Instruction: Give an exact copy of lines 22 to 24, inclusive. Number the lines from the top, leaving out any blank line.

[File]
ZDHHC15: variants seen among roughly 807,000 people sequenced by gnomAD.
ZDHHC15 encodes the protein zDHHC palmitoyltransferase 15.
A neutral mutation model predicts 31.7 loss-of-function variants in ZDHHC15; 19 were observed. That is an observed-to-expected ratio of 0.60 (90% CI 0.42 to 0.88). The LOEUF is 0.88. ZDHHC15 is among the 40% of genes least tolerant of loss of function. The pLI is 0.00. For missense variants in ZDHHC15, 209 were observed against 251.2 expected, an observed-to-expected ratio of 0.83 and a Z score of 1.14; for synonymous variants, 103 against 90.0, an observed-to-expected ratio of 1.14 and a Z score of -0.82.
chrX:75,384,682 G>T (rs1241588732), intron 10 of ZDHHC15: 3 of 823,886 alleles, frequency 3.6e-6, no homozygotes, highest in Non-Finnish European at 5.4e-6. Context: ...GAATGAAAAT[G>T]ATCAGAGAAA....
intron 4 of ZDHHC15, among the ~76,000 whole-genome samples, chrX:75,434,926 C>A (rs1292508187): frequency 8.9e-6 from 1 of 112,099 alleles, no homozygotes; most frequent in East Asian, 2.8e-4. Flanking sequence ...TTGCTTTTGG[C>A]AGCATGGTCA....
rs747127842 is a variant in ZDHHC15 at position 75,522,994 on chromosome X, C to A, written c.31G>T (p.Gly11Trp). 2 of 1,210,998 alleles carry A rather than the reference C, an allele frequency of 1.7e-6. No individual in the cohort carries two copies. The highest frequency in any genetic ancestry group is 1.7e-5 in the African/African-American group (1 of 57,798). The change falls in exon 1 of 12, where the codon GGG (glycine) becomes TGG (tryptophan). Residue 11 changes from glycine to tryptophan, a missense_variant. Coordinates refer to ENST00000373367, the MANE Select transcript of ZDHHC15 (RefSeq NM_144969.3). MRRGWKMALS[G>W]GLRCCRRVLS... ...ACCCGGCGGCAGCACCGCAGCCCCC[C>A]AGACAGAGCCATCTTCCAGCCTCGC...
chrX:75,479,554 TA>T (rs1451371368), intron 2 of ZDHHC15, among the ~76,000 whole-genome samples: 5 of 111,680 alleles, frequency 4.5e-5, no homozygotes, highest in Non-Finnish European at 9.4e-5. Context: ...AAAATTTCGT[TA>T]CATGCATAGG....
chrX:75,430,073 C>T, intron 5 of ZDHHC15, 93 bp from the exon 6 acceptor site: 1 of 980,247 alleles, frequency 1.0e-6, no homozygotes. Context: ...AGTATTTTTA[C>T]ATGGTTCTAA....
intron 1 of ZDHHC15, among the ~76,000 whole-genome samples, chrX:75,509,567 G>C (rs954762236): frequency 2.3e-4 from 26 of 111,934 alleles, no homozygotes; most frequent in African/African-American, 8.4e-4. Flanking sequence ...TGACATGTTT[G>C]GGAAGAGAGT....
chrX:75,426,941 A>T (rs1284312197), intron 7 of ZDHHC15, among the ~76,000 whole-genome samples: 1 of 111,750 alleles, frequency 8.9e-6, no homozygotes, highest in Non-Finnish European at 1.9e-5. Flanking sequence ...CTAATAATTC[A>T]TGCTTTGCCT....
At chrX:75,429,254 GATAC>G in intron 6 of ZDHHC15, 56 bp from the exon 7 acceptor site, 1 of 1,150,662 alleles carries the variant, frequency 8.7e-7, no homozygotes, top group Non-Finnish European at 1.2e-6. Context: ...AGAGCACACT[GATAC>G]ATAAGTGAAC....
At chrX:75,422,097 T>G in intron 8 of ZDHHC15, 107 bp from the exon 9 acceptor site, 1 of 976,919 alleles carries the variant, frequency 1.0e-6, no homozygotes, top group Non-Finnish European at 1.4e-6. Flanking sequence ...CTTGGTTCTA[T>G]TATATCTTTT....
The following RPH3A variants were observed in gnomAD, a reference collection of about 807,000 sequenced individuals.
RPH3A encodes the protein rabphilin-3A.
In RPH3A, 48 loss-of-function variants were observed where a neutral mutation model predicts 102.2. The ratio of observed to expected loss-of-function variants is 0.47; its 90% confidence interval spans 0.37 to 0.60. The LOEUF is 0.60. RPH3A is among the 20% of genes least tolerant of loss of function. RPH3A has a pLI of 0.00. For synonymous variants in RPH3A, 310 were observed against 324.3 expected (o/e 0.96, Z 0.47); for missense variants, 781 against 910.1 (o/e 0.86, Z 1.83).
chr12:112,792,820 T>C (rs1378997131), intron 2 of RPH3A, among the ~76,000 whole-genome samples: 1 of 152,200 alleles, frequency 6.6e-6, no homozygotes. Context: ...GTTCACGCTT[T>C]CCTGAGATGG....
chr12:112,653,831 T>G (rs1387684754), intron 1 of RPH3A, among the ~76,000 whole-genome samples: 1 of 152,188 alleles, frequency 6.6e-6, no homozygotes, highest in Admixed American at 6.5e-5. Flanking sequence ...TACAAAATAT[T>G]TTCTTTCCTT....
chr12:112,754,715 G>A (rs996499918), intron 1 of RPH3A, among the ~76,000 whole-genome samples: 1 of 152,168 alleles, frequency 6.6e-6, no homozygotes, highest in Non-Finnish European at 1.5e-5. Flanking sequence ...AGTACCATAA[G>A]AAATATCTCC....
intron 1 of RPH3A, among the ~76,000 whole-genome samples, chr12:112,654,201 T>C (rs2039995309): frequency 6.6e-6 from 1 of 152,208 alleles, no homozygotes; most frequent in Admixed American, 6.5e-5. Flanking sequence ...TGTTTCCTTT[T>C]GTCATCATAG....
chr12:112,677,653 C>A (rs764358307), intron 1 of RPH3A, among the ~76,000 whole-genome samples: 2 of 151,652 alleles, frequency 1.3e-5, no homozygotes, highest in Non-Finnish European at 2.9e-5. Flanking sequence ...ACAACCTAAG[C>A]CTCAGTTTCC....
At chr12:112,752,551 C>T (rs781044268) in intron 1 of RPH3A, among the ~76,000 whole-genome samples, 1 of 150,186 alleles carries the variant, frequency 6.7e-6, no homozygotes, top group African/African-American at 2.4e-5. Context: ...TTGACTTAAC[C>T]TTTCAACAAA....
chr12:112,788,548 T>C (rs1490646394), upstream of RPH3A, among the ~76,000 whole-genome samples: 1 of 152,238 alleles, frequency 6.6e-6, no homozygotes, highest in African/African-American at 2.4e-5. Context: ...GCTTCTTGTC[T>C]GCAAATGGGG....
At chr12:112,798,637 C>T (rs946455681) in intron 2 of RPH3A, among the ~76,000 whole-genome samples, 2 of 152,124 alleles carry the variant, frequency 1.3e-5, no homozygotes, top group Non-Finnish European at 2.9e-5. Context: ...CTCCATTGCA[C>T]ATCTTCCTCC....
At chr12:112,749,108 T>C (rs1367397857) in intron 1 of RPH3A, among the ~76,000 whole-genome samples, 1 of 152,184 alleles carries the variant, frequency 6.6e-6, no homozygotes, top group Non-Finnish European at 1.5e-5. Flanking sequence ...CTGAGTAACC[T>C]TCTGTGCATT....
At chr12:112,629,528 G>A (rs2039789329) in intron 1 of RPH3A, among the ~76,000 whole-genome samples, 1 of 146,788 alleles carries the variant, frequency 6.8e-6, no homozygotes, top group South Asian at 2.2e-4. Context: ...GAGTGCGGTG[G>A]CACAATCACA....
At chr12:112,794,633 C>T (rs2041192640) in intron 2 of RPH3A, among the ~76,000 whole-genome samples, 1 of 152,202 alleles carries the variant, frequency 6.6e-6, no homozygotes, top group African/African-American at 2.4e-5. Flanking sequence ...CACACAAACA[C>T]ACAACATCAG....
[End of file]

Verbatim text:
chr12:112,788,548 T>C (rs1490646394), upstream of RPH3A, among the ~76,000 whole-genome samples: 1 of 152,238 alleles, frequency 6.6e-6, no homozygotes, highest in African/African-American at 2.4e-5. Context: ...GCTTCTTGTC[T>C]GCAAATGGGG....
At chr12:112,798,637 C>T (rs946455681) in intron 2 of RPH3A, among the ~76,000 whole-genome samples, 2 of 152,124 alleles carry the variant, frequency 1.3e-5, no homozygotes, top group Non-Finnish European at 2.9e-5. Context: ...CTCCATTGCA[C>T]ATCTTCCTCC....
At chr12:112,749,108 T>C (rs1367397857) in intron 1 of RPH3A, among the ~76,000 whole-genome samples, 1 of 152,184 alleles carries the variant, frequency 6.6e-6, no homozygotes, top group Non-Finnish European at 1.5e-5. Flanking sequence ...CTGAGTAACC[T>C]TCTGTGCATT....